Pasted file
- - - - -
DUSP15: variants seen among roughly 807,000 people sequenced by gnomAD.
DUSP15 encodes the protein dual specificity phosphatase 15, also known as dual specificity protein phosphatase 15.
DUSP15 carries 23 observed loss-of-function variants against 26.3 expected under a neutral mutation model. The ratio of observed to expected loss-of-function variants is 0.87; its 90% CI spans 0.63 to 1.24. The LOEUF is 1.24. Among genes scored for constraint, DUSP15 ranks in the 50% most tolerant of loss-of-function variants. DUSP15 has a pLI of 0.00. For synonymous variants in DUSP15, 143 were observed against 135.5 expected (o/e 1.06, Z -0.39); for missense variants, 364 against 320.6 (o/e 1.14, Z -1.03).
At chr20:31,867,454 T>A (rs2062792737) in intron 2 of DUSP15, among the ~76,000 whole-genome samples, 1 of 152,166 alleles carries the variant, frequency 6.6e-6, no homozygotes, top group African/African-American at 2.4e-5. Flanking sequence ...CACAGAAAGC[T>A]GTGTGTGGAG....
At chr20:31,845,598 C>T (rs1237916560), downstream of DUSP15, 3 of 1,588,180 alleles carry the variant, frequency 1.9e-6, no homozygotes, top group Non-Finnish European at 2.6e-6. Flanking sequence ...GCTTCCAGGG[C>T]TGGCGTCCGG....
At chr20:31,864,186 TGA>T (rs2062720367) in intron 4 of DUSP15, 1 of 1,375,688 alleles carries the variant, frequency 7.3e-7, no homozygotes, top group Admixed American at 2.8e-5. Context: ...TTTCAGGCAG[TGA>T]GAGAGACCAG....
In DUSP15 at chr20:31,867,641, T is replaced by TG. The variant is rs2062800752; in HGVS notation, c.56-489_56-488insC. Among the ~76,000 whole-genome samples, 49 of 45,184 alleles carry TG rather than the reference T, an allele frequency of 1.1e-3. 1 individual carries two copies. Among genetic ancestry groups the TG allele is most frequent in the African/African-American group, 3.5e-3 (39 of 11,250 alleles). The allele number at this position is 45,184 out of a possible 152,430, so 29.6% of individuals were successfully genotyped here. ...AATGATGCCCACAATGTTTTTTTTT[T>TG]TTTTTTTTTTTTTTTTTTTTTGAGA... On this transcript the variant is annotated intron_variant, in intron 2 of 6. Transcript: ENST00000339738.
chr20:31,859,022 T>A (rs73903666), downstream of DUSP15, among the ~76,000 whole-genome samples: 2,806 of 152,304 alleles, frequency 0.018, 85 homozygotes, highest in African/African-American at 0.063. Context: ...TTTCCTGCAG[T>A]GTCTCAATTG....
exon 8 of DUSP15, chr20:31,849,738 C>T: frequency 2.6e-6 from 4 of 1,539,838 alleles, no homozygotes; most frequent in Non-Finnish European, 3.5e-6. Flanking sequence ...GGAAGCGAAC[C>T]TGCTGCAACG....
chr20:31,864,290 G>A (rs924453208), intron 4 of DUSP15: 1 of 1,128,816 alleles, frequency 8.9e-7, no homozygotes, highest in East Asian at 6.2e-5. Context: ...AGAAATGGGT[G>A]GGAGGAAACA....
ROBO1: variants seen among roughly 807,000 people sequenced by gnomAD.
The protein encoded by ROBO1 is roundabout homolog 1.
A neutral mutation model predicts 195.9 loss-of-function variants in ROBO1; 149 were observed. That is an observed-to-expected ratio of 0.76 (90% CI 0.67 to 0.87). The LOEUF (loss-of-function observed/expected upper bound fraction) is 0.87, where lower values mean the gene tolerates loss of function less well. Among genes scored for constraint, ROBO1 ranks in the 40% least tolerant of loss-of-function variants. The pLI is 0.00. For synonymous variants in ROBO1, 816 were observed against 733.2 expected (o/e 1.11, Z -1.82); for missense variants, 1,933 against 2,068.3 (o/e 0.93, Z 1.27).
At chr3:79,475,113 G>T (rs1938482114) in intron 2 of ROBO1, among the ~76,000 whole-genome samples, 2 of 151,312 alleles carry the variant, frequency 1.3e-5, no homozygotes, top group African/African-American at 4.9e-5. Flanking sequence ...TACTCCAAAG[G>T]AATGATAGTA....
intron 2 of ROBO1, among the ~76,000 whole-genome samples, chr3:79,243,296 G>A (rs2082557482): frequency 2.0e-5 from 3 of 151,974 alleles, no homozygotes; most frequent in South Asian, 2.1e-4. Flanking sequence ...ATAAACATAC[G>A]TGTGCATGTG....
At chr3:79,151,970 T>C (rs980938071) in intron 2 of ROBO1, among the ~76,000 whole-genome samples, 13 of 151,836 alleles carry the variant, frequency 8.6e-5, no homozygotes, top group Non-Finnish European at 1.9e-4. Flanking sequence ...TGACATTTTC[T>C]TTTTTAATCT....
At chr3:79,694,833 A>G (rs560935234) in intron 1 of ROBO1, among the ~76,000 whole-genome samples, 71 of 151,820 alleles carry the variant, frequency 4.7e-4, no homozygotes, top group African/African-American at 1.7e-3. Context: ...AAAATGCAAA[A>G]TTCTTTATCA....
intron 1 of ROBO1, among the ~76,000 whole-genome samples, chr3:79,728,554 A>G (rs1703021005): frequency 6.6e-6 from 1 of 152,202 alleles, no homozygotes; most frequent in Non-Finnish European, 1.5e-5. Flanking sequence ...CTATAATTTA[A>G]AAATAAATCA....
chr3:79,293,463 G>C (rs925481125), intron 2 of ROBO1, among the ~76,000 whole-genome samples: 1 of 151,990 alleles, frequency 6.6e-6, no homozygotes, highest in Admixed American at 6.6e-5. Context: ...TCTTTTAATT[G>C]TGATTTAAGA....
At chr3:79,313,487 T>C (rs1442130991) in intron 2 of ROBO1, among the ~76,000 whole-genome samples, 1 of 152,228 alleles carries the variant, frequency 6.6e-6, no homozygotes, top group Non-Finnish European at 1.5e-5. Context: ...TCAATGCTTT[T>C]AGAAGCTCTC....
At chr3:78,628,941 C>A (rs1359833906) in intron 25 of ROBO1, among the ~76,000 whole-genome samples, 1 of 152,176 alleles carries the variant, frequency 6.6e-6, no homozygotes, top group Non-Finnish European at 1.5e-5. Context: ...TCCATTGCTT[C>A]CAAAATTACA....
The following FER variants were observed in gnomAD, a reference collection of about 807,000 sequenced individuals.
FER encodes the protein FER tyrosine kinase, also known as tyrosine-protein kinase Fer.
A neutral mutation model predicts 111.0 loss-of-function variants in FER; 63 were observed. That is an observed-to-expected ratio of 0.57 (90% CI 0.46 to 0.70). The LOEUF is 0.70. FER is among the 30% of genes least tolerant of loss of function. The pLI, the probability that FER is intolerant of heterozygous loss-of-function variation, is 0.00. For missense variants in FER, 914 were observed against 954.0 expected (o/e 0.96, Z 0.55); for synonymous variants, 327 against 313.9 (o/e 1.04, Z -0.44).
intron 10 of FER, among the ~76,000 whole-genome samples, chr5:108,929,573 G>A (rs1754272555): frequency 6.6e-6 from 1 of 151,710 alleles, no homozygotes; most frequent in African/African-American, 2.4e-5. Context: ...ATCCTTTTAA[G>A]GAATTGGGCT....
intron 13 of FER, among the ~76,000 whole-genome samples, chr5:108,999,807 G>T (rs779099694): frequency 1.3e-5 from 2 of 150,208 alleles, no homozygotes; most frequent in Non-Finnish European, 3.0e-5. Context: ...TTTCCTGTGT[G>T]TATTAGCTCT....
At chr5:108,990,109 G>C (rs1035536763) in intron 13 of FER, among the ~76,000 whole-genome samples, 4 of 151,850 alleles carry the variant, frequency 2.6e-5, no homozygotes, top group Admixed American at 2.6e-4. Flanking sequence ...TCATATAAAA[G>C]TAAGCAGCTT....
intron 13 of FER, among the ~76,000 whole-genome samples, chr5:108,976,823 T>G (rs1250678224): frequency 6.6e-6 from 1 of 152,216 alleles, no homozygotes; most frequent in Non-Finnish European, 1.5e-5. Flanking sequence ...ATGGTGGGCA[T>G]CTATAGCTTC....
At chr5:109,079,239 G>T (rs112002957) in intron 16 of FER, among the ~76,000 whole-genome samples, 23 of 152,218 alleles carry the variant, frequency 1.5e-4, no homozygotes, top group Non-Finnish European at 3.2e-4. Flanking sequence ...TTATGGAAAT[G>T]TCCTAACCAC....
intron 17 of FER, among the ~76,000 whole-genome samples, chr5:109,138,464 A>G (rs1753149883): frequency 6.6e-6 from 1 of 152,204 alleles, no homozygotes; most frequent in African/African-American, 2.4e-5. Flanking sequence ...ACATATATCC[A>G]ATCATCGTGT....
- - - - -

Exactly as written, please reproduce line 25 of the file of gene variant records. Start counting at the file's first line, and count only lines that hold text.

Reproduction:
intron 10 of FER, among the ~76,000 whole-genome samples, chr5:108,929,573 G>A (rs1754272555): frequency 6.6e-6 from 1 of 151,710 alleles, no homozygotes; most frequent in African/African-American, 2.4e-5. Context: ...ATCCTTTTAA[G>A]GAATTGGGCT....